Franck Khalfoun's MANIAC, a remake of the early 80's classic, has much going for it, and not nearly as much going against it.
I saw the film last night at Hollywood's ARENA CINEMA, a welcome reincarnation of the old Egyptian 2 and 3 theaters, and came out pleased for the most part. Seeing MANIAC, which was shot in LA, in a theater located smack-dab in the killer's actual stomping, cutting, and slashing ground, was a slightly surreal experience, so top marks to the ARENA, and its manager Christian, for a splendid presentation from both a picture and sound perspective. In the tradition of the nearby ARCLIGHT, Christian introduced the movie to a dozen or so apostles of pulp before leaving us to our own devices.
Thankfully, no actual devices were employed during this movie, making it one of the most enjoyable screening experiences for me in months. Whenever I visit a multiplex, the constant flicker of the cell phones of irritating, selfish jerks raises my blood pressure and turns me murderous. At the ARENA, the MANIAC devotees, like good, true horror fans, watched the actual movie (yes, it's possible!), not their cunting cell phone screens. Bravo!
William Lustig's original 'maniac', the great, one and only Joe Spinnell, is replaced here by spindly Elijah Wood, an actor popularly associated with his 'Frodo' character from LORD OF THE RINGS. Although he's done other gigs like GREEN STREET HOOLIGANS and the fine RADIO FLYER, it is his association with Frodo that dogs him, and leads people to believe that he IS the height-challenged hobbit of the popular series.
Well, I'm happy to report that Mr. Wood sheds Frodo very successfully in MANIAC as he launches a rampage of murder, dismemberment, and creative killing. While Spinnel was a gloriously large, sweaty, tragic character with a degree of warmth (recall his dinner date with Caroline Munro), Wood's 'Frank Zito' is cold, awkward, antisocial, and batshit crazy. Wood makes no attempt to ape Spinnel, which is just as well, but he makes his 'Frank Zito' (a name derived from director Joseph Zito) a memorable one, and adds several character tics into the bargain.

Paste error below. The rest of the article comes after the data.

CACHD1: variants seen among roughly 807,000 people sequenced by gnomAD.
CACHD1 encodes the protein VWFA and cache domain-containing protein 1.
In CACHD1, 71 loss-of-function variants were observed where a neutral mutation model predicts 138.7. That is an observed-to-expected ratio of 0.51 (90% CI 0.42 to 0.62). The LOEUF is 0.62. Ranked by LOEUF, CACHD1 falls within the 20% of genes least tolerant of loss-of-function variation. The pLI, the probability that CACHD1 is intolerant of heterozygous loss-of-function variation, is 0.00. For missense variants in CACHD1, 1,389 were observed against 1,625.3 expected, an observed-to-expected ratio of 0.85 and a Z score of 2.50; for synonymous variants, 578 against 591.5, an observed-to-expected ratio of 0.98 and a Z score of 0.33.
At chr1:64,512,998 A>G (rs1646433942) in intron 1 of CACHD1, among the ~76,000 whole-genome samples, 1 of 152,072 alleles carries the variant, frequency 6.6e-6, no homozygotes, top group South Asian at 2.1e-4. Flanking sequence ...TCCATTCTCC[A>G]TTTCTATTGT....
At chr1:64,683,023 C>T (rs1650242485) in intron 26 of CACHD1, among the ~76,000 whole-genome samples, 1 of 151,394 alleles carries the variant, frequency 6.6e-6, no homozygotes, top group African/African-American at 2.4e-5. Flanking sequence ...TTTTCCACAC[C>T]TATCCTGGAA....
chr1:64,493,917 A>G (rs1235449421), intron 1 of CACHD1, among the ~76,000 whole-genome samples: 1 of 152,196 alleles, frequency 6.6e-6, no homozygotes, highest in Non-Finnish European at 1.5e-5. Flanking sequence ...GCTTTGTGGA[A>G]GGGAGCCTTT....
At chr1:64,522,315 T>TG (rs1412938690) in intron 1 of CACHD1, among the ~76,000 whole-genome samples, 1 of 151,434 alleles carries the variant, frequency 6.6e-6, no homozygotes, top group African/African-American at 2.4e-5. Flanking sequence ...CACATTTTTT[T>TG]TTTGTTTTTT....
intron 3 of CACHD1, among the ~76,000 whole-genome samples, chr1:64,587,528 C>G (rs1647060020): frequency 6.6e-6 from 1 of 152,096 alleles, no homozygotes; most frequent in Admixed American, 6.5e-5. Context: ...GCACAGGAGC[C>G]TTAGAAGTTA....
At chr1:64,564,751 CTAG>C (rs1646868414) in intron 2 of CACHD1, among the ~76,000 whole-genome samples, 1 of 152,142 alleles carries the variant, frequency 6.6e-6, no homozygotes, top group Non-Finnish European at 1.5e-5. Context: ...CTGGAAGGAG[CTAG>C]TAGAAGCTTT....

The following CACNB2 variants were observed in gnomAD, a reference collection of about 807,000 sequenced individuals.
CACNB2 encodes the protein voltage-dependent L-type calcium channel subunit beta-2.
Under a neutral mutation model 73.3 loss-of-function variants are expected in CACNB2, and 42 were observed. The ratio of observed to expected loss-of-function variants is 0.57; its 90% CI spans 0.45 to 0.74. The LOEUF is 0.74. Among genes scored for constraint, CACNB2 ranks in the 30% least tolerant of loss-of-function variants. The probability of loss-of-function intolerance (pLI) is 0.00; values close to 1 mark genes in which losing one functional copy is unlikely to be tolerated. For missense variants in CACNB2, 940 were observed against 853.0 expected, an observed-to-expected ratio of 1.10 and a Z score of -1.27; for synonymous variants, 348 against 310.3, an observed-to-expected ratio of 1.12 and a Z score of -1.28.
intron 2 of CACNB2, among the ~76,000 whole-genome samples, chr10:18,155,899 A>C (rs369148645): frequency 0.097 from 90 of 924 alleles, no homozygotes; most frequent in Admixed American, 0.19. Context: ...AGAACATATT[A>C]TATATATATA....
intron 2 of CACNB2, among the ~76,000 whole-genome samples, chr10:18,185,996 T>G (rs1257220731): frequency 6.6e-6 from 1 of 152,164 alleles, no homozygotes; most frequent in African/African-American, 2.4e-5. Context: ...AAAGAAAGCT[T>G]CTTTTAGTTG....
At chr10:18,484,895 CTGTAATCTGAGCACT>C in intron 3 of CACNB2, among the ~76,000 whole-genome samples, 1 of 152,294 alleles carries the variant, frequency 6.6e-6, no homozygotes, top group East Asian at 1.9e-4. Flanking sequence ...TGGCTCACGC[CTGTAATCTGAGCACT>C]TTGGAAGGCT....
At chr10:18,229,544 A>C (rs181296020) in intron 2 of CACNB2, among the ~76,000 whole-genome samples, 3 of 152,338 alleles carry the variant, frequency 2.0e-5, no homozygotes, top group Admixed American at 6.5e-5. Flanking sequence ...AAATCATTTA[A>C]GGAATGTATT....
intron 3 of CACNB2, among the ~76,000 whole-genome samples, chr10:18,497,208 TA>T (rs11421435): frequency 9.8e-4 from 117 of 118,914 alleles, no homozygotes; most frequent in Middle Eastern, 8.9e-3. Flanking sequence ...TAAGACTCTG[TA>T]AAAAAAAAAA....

As has been broadcast to all and sundry, the film tells its story from Frank's POV; that means we see what Frank sees most of the time, and only see Frank when he's confronting his own image in a mirror. During several killings, the film does break from the POV gimmick (popularized in Michael Powell's PEEPING TOM) to show Frank engaged in a particularly gruesome murder, but the singular POV dominates. The approach mostly works. It doesn't work so well in protracted stalking sequences because the suspense is nullified when we know exactly where the killer is. Traditional suspense is about the victim not knowing when the killer will strike, so it's impossible for that to work when we ARE the killer. A way around this would have been to include a sequence in which Frank has the tables turned on himself and is stalked by someone he was stalking. Unfortunately, director Kalfoun doesn't try anything too out of step with the expected here.
As effective as non-stop POV can be, non-stop chatting from Frank's POV isn't so successful -- especially when that chat is poorly written. Whether Wood is addressing victims-to-be, arrogant boyfriends, or women he fancies, his dialog is juvenile, retarded, and barely at grade school level. Is this because writers Alexandra Aja and Gregory Levasseur intended him to sound like a child, or did they just not have a solid enough grasp of the English language to do Frank justice? Whatever the case, the film's overall effectiveness is diminished by this aspect. All it would have taken to fix it is a rewrite by someone whose first language is English.